Changing Classroom Grades Based on Race?

Last week, an emeritus professor at the University of Wisconsin-Madison uncovered a “representational equity” plan by administrators to seemingly pressure professors into adjusting grades based on students’ skin color.

 

The plan is based on an “Inclusive Excellence” document adopted by the Board of Regents, which calls for “proportional participation of historically underrepresented racial-ethnic groups at all levels of an institution, including high status special programs, high-demand majors, and in the distribution of grades.”

 

UW has since denied any attempt to impose a racial quota system for the distribution of grades. However, its response was so full of meaningless “diversity” cliches that it is impossible to decipher its actual plan.

 

The idea that any university would encourage the use of race in determining classroom grades is outrageous, but it shouldn’t be a surprise. The University of Wisconsin has no problem making admissions decisions based on race, so why not apply the same discriminatory logic to grades?

 

The reality is that race preferences harm those they are designed to benefit — “targeted minorities” — by placing many in educational institutions that do not match their academic qualifications and preparation. This leads to lower average grades and much higher dropout rates. The new UW plan is simply an attempt to paper over the inconvenient consequences of its discriminatory admissions policies.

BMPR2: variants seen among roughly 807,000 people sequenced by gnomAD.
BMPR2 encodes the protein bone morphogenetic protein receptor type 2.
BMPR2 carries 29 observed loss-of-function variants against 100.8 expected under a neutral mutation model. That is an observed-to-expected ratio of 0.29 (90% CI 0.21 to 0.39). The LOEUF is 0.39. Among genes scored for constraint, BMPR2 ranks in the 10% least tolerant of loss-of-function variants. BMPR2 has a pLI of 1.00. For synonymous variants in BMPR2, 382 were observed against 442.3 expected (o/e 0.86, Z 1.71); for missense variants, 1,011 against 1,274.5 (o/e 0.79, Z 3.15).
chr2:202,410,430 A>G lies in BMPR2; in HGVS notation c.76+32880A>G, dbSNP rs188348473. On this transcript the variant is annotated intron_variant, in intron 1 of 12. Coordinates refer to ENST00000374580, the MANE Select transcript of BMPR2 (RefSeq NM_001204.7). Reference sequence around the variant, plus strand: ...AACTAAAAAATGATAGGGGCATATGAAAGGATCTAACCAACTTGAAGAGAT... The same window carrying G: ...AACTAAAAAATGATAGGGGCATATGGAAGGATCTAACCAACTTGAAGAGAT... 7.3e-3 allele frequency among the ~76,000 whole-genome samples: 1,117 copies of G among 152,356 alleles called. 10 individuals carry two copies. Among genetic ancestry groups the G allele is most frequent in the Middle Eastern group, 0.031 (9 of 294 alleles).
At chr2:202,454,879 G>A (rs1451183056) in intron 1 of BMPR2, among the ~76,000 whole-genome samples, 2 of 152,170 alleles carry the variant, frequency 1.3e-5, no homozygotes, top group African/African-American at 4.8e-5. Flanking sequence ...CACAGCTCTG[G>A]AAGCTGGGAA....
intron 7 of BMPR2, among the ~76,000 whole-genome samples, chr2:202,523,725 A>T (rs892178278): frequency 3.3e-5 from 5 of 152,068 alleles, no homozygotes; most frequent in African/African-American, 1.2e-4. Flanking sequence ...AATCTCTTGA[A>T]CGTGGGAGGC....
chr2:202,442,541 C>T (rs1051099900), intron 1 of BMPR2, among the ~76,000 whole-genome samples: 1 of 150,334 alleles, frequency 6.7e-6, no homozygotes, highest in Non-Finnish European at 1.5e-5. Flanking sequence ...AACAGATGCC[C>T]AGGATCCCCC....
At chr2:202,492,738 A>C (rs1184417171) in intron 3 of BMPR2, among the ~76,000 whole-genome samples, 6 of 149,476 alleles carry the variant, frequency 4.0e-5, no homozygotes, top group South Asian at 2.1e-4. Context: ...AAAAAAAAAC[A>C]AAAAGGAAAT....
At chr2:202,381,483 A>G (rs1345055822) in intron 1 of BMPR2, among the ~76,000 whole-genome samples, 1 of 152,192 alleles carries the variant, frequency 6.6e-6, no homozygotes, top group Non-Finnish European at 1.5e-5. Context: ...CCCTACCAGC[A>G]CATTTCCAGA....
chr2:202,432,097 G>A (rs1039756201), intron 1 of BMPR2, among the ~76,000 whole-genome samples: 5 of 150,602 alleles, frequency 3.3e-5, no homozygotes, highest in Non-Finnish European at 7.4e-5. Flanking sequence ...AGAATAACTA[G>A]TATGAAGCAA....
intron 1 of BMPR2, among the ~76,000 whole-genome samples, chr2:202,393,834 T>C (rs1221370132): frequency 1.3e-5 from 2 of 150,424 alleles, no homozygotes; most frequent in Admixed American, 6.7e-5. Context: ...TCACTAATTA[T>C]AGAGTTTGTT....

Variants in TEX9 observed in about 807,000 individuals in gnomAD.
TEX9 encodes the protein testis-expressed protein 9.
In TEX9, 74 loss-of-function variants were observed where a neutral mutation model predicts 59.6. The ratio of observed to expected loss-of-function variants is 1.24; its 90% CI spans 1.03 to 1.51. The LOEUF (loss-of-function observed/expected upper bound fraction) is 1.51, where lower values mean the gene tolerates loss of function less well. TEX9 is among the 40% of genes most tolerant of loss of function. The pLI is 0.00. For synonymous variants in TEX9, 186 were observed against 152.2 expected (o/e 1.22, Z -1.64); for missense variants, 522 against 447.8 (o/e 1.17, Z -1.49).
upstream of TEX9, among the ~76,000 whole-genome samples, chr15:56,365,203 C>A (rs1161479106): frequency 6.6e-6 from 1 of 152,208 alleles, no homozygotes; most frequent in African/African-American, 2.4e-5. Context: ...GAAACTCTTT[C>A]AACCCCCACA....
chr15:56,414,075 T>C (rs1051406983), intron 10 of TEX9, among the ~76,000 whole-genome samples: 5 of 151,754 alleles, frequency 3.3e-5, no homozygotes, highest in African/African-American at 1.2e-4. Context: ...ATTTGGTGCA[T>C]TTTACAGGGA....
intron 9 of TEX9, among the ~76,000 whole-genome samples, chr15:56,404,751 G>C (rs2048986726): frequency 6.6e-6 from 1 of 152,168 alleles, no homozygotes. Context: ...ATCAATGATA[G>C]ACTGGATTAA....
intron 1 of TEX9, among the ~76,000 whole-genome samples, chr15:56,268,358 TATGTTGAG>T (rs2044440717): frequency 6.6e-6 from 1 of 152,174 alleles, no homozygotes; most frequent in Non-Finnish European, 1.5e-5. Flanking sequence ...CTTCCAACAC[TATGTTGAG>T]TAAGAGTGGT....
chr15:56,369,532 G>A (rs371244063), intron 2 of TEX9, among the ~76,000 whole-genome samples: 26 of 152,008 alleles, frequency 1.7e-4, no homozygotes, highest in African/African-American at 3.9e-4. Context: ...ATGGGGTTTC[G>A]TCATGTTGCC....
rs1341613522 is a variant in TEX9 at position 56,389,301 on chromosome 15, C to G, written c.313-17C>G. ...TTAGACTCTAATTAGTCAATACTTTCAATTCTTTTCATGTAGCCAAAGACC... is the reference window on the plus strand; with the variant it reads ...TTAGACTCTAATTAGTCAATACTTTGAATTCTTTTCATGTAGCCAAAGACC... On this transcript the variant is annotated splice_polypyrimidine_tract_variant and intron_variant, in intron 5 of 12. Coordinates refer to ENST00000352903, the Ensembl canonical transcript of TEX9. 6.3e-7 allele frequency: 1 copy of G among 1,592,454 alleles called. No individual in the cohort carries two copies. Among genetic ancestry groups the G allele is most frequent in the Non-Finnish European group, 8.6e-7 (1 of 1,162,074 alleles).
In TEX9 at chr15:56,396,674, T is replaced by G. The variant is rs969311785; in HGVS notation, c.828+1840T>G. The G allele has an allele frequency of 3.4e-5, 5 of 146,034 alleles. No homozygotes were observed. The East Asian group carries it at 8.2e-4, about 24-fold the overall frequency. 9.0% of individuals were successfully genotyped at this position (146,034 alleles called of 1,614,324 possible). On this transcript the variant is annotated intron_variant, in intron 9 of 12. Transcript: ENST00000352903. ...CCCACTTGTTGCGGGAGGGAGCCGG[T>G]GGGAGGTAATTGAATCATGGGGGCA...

A similar diversity charade is happening in New York City, where Mayor de Blasio has announced plans to change the admissions process for the city’s nine highly-selective premier public high schools in order to produce a “better” racial balance. There are supposedly too many Asian students for the process to be fair.

 

This isn’t about real diversity. It’s about reducing individuals to superficial group identity and manufacturing politically correct statistics. Politicians and administrators get to feel good about themselves, while real people are harmed in the process.

 

The XIV Foundation is fighting for the day when every person is treated equally as a unique individual instead of a color.

 

Jennifer Gratz